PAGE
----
Hurricane Fiona less than 24 hours from landfall in Canada

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People across Atlantic Canada stocked up on last-minute essentials and storm-proofed their properties Friday ahead of the arrival of Fiona, which forecasters say will hit the region as a “very powerful” post-tropical storm.

The storm, characterized as “historic” in magnitude by meteorologists, is expected to make landfall early Saturday morning, bringing hurricane-force winds and more than 100 millimeters of rain to much of the region and eastern Quebec. Closer to Fiona’s path, more than 200 millimeters of rain is expected to fall – potentially leading to some roads being washed out.

Bob Robichaud, a meteorologist with Environment Canada, said Fiona is shaping up to be a larger storm system than Hurricane Juan, which caused extensive damage to the Halifax area in 2003. He said it is about the same size as the post-tropical storm Dorian in 2019.

“But it’s stronger than Dorian was,” he told reporters during a briefing. “It’s definitely going to be a historic, extreme event for eastern Canada.”

He said wind speeds could reach 145km/h with gusts even higher in some areas.

Robichaud said the storm is moving north and is expected to reach Nova Scotia waters late Friday night before passing through Cape Breton early Saturday. Fiona is expected to reach Quebec’s Lower North Shore and southeastern Labrador early Sunday.

Dave Buis, vice-commodore of the Northern Yacht Club in North Sydney, NS, said he is concerned about the storm, which is expected to hit Cape Breton Island.

“Oh absolutely, I think it’s going to be a bad one,” Buis said in a phone interview. “Hopefully it will slow down when it hits the cooler water, but it doesn’t sound like it’s going to.” He said he removed his seven-metre sailboat from the water on Thursday.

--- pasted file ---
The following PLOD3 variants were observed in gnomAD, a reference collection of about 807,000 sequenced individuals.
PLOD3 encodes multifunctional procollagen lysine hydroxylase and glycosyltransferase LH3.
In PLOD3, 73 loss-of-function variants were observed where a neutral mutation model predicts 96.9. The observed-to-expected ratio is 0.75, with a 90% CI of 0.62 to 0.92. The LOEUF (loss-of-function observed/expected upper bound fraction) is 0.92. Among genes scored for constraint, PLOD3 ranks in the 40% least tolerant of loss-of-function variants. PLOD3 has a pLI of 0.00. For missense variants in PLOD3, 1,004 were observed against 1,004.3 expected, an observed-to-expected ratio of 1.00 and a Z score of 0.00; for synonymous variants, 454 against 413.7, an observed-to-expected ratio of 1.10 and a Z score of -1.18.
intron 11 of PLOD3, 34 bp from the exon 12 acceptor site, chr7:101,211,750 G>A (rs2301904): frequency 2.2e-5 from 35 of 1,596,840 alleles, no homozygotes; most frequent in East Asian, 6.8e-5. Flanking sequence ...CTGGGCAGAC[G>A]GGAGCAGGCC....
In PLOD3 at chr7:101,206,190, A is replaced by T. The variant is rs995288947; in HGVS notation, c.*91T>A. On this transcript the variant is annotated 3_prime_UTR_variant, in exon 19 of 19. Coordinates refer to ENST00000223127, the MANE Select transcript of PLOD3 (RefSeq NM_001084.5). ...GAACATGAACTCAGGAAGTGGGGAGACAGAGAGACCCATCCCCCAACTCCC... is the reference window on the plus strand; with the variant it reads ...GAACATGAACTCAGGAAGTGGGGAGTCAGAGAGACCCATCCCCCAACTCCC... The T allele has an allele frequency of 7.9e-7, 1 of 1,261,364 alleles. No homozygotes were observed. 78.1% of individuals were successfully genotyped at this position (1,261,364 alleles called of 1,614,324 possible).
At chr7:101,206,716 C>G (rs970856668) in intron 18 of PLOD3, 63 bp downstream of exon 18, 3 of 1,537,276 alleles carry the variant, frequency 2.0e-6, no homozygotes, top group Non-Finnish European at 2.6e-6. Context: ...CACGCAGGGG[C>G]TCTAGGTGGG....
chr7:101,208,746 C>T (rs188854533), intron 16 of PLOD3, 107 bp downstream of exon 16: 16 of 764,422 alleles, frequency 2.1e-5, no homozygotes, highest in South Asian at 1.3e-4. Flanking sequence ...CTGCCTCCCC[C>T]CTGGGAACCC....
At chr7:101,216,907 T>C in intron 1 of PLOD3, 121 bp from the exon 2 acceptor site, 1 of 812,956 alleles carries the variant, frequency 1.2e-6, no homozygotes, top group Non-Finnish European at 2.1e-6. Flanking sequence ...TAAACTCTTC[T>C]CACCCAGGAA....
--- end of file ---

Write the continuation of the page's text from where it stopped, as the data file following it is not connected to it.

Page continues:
On the eastern side of the island in the small Acadian community of Petit-de-Grat, NS, fishermen were also busy dry-docking their boats or trying to lash them to the wharf.

Lobster fisherman Kyle Boudreau said major storm damage is hard for a coastal community to absorb. “This is our livelihood. Our boats get smashed, our traps get smashed ΓǪ those are things you don’t need to start your season next year,” he said.

Meanwhile, stores in Halifax were selling off propane gas cylinders used for camping stoves. The shelves in the camping section of a local Canadian tire store that usually had the little green cans were completely bare.

But Halifax resident and plumber Chad Shiers advised that people looking for a small fuel tank could use plumbing propane.

“There are several ways to get what you need,” he said Friday after buying a blue propane torch. “If I have fire, I can eat. As long as they have what I need, I don’t panic.”

Robichaud warned people across the region not to be complacent just because they are nowhere near the center of the storm’s track. “The impacts will be felt far beyond where the center of the storm actually goes,” he said.